The most substantive change in urologic practice has been the emergence of telehealth services. Many groups and institutions have had preliminary experience with telehealth platforms and even participated in pilot programs. However, previous CMS limitations on eligibility and reimbursement for these services kept them out of mainstream practice. With recent urgent passage of the CARES Act, those limitations are now gone and any Medicare-approved provider (including APPs) can now bill and collect on a scale equivalent to in-person visits. Outpatient visits involving both new and established patients can be done easily with a video/audio platform over a phone, computer, or iPad. Early telemedicine experiences in our large groups have been very positive, and patients have been thrilled to be able to communicate to doctors (even about their nonurgent conditions) during this time. There are certainly still some kinks to be worked out, but it appears that telemedicine will be one of the few positives to emerge from this experience and will likely occupy a large role going forward in outpatient practice. It is likely that CMS will reevaluate the “rules” for telemedicine billing once the crisis is over; but, given initial successes, it is unlikely to be changed dramatically. Infrastructure for these visits will likely need to be expanded and supported by all groups looking to stay current in the marketplace. Furthermore, the addition of local/regional facilities for urine drop-offs, blood draw kiosks, and so forth will be necessary to accommodate patients’ increasing demand for remote services.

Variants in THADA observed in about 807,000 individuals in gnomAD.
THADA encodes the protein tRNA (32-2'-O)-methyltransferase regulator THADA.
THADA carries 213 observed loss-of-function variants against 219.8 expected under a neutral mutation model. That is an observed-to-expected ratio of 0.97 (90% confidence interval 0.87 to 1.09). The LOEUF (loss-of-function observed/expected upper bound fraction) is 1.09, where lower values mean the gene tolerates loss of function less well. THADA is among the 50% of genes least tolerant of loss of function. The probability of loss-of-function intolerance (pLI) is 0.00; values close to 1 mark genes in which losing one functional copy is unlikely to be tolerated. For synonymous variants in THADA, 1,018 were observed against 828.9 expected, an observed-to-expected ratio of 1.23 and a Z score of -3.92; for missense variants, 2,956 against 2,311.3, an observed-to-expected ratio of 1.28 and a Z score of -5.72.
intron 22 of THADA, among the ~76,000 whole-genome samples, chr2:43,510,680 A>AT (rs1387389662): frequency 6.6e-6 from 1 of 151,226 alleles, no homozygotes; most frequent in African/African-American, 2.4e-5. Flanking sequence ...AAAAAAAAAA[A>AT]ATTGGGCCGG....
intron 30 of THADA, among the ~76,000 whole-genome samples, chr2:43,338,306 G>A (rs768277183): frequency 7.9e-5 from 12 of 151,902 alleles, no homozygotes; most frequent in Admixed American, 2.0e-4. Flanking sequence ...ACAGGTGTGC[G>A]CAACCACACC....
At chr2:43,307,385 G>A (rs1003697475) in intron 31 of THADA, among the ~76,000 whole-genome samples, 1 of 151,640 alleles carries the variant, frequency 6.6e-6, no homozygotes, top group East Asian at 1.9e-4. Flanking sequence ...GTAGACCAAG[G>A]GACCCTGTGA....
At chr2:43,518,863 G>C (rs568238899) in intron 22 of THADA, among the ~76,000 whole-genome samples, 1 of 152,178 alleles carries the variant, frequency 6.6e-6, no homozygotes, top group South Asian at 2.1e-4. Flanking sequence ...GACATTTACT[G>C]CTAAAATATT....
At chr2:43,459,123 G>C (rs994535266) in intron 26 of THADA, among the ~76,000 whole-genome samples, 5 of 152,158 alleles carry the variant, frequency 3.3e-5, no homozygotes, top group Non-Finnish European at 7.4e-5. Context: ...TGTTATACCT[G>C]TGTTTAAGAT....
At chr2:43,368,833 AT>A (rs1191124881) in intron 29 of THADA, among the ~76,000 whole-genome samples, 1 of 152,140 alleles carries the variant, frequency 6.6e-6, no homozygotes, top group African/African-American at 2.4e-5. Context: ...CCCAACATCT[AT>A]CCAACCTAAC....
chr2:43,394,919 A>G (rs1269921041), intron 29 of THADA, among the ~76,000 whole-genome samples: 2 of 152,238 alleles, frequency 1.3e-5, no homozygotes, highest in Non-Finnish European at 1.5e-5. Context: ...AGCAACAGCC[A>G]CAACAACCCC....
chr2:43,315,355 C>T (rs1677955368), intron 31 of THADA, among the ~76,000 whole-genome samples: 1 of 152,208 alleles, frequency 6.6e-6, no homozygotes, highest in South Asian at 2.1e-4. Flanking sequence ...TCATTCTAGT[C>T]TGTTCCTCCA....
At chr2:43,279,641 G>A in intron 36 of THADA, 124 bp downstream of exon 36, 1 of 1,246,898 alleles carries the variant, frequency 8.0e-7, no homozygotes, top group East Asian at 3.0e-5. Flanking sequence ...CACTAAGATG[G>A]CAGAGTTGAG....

The stark reality is that most urology groups will have approximately 70% to 80% of their typical work postponed or cancelled during this time. Traditional business models and revenue cycles are completely turned upside down for most of us. High capital outlays (large buy-and-bill medications or services, new equipment, new hires) all could be very limited in the months to come. We are seeing many industry sponsors and healthcare companies provide services with discounted and delayed costs. As most of our groups carry 50+ employees, difficult decisions regarding workforce and day-to-day operations have become necessary. Some have chosen to furlough employees; others reduce hours while keeping them on payroll. A few smaller groups have been forced to let go of their employees permanently. We have all had to look into federal unemployment policies and local emergency fund availability for our workers. New government stimulus funds may be helpful in allowing practices to keep a substantial number of employees thus making “the road back” less challenging in a few months. Our groups have consolidated our offices and ASCs as much as possible to provide lean and efficient services for those who need it the most. In many groups, physicians and administrators have agreed to dramatic cuts in salaries, setting a healthy tone for all other financial cuts that need to be made. That being said, there is power and stability in numbers, and many large groups have the resources and leadership to be reliable providers of necessary urologic services during this time. Keeping patients and employees safe and cared for during this time has become our primary goal and something that we can still strive to do well.